Some bad news: Spinosad is not effective against all insect pests. Shocking, right? Anyway, having seen a few posts on GardenWeb and elsewhere by people claiming it works to prevent squash borers, I used the product on my summer squash plants, beginning on July 11th (after removing the spun row cover) to try to control squash vine borers. Unfortunately, my 7 to 10 day application intervals were either too long to prevent squash vine borers from successfully getting into my yellow and zucchini squash plants, or the product does not work against them. I view the latter explanation as the more likely reality as vine borers are not listed on the label. It also does not control cucumber beetles or Japanese beetles (nor does it specifically claim to control either pest). I didn't spray for specifically for them, but when I applied the spray they were both present on various plants and were not inconvenienced by its use that I could tell.
On the other hand, the product label does say "leaf-feeding beetles" are controlled by it under its guidelines for use on ornamental plants.
Next, the control of cabbage worms and flea beetles was excellent (Note: flea beetles are not specifically listed on the label). I did use spun row covers on my cole crops till the end of June, but the Imported Cabbage butterflies have remained active in and around my garden (one landed and began laying eggs even as I was removing the spun row covers!), and yet since shifting to the spinosad product I haven't seen a single caterpillar or "worm" on any of my cole plants. The eggplant in my garden can and have in the past quickly become stunted by flea beetles. The spinosad product knocked them out and seems to protect the plants for at least a week, though after that they can quickly move back in. I accidentally performed a very good control test on this particular pest when I failed on the second application to spray three eggplant I'd planted in a somewhat obscure location. Those three plants, left untreated for 19 days, were riddled with flea beetle holes by the time I did spray them and have not really recovered.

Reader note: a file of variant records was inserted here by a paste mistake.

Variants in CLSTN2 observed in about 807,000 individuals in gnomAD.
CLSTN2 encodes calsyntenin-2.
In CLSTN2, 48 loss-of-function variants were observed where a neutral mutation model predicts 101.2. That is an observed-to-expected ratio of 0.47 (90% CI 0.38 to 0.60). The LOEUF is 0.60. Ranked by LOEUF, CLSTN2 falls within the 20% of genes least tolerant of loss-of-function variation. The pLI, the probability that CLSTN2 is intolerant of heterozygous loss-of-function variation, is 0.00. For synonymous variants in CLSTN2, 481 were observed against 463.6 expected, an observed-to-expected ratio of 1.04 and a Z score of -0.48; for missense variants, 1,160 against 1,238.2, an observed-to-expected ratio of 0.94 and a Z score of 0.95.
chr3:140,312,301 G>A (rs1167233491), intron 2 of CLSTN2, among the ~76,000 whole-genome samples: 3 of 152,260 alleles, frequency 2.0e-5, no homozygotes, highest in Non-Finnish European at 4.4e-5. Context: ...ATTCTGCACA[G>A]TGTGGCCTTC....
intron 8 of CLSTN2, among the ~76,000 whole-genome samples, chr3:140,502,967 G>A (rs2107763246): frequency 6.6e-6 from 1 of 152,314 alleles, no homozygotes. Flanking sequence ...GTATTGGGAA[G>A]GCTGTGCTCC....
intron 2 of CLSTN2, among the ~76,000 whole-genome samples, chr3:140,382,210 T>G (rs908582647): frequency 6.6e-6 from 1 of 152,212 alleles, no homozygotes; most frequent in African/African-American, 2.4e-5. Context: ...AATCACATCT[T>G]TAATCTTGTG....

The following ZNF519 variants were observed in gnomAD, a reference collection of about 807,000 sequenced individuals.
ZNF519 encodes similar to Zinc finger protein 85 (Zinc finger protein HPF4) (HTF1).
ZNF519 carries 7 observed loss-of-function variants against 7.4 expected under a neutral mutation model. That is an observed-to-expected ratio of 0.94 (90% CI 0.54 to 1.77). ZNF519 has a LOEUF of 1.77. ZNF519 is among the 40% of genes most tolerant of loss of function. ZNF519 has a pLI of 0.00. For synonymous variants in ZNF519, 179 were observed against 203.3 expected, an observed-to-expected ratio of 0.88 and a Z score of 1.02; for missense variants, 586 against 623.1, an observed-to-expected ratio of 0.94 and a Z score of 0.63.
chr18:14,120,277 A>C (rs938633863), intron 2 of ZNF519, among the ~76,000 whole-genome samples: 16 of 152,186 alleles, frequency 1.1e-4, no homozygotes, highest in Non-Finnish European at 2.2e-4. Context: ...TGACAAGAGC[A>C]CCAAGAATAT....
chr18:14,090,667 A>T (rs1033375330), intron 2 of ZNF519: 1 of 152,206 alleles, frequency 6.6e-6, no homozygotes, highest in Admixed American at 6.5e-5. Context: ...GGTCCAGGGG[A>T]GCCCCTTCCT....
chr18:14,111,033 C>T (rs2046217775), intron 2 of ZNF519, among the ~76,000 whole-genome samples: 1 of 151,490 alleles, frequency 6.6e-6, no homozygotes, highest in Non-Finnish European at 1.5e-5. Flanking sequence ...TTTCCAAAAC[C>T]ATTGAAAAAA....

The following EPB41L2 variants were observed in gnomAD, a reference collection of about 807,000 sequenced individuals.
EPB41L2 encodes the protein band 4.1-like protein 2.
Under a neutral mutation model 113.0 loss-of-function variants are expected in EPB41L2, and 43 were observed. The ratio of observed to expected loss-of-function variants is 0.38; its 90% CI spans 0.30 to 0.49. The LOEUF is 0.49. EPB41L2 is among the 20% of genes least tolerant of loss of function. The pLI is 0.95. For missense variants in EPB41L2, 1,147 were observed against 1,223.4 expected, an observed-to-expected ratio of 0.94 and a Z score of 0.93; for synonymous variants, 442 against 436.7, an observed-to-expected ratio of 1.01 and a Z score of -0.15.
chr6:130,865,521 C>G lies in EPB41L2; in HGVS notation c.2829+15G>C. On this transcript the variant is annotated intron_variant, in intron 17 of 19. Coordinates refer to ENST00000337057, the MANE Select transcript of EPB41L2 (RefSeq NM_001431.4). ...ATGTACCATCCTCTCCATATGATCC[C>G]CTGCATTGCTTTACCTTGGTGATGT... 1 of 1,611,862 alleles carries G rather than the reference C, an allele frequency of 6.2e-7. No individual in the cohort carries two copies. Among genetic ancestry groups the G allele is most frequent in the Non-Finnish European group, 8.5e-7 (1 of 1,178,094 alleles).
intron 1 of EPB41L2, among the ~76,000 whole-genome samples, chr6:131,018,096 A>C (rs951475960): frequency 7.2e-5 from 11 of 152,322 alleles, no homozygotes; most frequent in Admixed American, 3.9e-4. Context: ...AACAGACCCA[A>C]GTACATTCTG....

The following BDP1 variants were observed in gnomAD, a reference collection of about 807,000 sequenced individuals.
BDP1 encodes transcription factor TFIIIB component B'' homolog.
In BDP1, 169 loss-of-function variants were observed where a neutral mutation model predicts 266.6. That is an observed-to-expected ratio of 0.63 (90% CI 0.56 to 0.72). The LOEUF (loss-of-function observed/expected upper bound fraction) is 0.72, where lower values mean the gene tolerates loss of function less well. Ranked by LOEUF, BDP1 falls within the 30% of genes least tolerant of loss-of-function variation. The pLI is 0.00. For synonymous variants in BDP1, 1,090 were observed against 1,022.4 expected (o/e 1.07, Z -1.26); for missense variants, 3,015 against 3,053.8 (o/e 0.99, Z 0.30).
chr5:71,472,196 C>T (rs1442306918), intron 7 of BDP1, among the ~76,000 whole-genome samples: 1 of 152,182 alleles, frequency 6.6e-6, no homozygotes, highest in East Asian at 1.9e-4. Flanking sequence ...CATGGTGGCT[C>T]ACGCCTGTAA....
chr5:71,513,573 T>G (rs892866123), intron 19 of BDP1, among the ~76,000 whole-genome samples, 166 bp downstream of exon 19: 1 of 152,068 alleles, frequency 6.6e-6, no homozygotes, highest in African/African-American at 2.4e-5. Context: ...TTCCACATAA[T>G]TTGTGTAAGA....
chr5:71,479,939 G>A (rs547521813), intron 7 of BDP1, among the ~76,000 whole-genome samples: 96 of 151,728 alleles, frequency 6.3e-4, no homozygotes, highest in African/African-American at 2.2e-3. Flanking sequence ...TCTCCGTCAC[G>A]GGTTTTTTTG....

The product also seems to have completely prevented weevils from damaging my hollyhocks, which have always had a problem with these insects. Of course, I haven't seen a weevil on them yet this summer, so maybe the weevils just took a year off. Unlikely but possible, as the hollyhocks are now in a different location than they were. The product label again does not specifically list weevils.